Appraisal Breakdown, Webinars, COVID-19 Response and How To Appeal.
WHAT IS AN APPRAISAL?
An appraisal is an estimated value of real property (a house, land or commercial property) provided by an independent licensed/ certified appraiser. The appraiser calculates the value based on a combination of three approaches to value: the sales comparison approach; the cost approach and/ or the income approach. The appraisal involves the comprehensive research and analysis of market data as applicable to include: a property inspection; macro-economic data; micro-market data; property inventory levels; recent sales and listings; cost data; depreciation factors; income and expense data. The final value estimate is made as of an “effective date” and may be made “as is” or “subject to completion” (of construction per plans and specification, repairs).
WHO IS THE APPRAISER?
An appraiser is a highly qualified and experienced professional with expertise in real estate values. Appraisers undergo lengthy education and training before they can qualify as a state licensed/ certified appraiser. Qualifications depend upon the level of licensing but include a combination of the following: 4-year degree; appraisal-specific education to include Uniform Standards of Professional Appraisal Practice, and experienced-based training. The levels of state real estate appraisers are: State Licensed (qualified to appraiser non-complex residential assignments below $1 million; State Certified Residential Appraisers (qualified to appraise all residential properties), and State Certified General Appraisers (qualified to appraise both residential and commercial properties).
WHY DO YOU NEED AN APPRAISAL?
An appraisal may be required under multiple circumstances such as: mortgage lending; tax purposes; probate and estate; divorce; foreclosure and many more. An appraisal assignment is always completed for a single purpose for a specified client and intended users. For mortgage lending an appraisal may be required for a sale; refinance; home equity loan; portfolio review or pre-foreclosure. For a mortgage lender the appraisal provides a value of the collateral that guarantees the mortgage and mitigates the risk for the lender. For mortgage appraisals, the lender is the client (and not the borrower), although the borrower often pays for the appraisal and has a legal right to a copy of the appraisal. An appraiser works under ethical guidelines that protect the confidentiality of the assignment results once the appraisal is complete. The ethical guidelines prohibit the appraiser from discussing the value with anyone (including the borrower) other than the client.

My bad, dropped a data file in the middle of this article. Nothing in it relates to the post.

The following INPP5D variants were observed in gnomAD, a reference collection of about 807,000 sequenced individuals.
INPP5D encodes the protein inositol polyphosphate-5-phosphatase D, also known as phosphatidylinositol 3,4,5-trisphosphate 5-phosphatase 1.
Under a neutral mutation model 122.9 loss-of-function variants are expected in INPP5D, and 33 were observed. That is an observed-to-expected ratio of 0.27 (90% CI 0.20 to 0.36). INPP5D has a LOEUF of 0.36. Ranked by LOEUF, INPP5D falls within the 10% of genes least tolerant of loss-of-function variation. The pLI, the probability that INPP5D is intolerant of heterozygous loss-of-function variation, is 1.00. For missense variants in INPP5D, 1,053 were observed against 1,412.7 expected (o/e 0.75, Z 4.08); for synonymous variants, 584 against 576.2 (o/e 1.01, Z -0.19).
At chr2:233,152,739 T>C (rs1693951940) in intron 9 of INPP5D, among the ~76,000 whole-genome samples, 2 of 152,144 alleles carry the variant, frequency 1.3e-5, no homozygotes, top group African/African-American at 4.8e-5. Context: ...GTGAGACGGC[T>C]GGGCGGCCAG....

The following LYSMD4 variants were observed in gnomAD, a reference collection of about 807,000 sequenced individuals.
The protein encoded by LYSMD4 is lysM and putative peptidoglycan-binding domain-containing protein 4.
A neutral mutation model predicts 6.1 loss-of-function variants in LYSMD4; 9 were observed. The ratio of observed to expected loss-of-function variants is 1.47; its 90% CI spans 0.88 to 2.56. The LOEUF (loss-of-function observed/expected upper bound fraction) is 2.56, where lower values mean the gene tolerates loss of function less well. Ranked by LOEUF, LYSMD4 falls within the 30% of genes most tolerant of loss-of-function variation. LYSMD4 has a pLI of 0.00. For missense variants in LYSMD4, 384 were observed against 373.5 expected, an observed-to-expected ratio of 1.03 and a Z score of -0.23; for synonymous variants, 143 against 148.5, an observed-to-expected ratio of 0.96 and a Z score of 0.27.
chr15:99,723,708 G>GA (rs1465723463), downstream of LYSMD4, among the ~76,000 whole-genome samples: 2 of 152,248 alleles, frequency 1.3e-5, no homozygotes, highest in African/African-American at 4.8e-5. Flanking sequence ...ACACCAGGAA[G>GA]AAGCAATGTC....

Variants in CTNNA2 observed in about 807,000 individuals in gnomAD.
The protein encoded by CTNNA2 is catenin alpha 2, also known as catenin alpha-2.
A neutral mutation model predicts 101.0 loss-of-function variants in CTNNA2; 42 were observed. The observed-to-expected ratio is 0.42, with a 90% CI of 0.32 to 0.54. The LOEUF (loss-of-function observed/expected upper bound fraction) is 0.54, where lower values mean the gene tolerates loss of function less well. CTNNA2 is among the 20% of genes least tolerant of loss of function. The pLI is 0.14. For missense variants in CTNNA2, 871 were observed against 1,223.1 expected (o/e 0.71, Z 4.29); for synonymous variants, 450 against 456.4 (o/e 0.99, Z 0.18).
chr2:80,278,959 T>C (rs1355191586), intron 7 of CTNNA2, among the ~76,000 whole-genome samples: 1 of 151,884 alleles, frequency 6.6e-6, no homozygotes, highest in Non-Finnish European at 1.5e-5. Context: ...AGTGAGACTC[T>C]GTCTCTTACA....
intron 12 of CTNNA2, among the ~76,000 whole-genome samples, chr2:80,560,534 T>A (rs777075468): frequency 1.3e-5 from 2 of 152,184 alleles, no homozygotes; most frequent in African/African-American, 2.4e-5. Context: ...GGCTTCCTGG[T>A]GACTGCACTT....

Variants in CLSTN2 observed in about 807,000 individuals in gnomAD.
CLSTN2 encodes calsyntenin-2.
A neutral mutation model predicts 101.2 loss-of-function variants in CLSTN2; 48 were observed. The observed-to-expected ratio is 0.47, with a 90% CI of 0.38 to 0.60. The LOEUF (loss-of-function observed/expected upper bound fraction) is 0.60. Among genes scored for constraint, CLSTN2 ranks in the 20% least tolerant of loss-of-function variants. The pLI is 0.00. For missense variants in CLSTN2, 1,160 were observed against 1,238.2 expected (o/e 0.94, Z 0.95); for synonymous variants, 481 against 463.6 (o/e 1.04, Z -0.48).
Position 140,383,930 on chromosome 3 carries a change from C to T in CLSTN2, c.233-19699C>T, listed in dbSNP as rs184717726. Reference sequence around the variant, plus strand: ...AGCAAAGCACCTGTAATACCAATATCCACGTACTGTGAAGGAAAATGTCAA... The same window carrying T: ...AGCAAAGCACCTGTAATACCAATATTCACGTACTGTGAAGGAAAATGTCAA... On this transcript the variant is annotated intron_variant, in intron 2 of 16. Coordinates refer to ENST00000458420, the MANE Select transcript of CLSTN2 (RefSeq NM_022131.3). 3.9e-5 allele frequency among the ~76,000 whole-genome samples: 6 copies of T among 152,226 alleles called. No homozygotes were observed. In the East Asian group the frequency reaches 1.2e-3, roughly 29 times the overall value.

HOW DO APPRAISERS MEASURE HOMES AND CALCULATE THE SIZE?
For mortgage appraisals, an appraiser calculates the size of a home based on specific appraisal guidelines. These guidelines state that the Gross Living Area (GLA) must be based upon a calculation of exterior measurements ABOVE Grade. The appraiser is also required to measure the area below grade and provide the area finished. The below grade area is separate but does have value dependent upon finish and utility.
An appraiser MUST physically measure the home to include above and below areas, porches, decks, patios etc. The physical measurement may be completed with an accurate measuring devise such as a tape measure, wheel or laser measuring devise. As stated, the GLA includes areas above grade and these must be adequately finished, heated/ cooled and provide sufficient head room. Covered and uncovered porches and patios are not included in the GLA. The GLA only includes areas where there is a floor and so, two-story areas are only counted once. The appraiser calculated GLA, used for mortgage lending, may or may not match the living area calculated by the county for tax purposes.
The GLA will encompass all rooms, closets, bathrooms and staircases. It does not include the garage. In new construction, the measurements are based on builders plans and specifications. The appraiser will catalogue the number of bedrooms and bathrooms. A bedroom may or may not have a closet but MUST have sufficient ingress and egress. An appraiser will differentiate an accessory unit if it contains a kitchen, bath and living area, and is separate from the main house.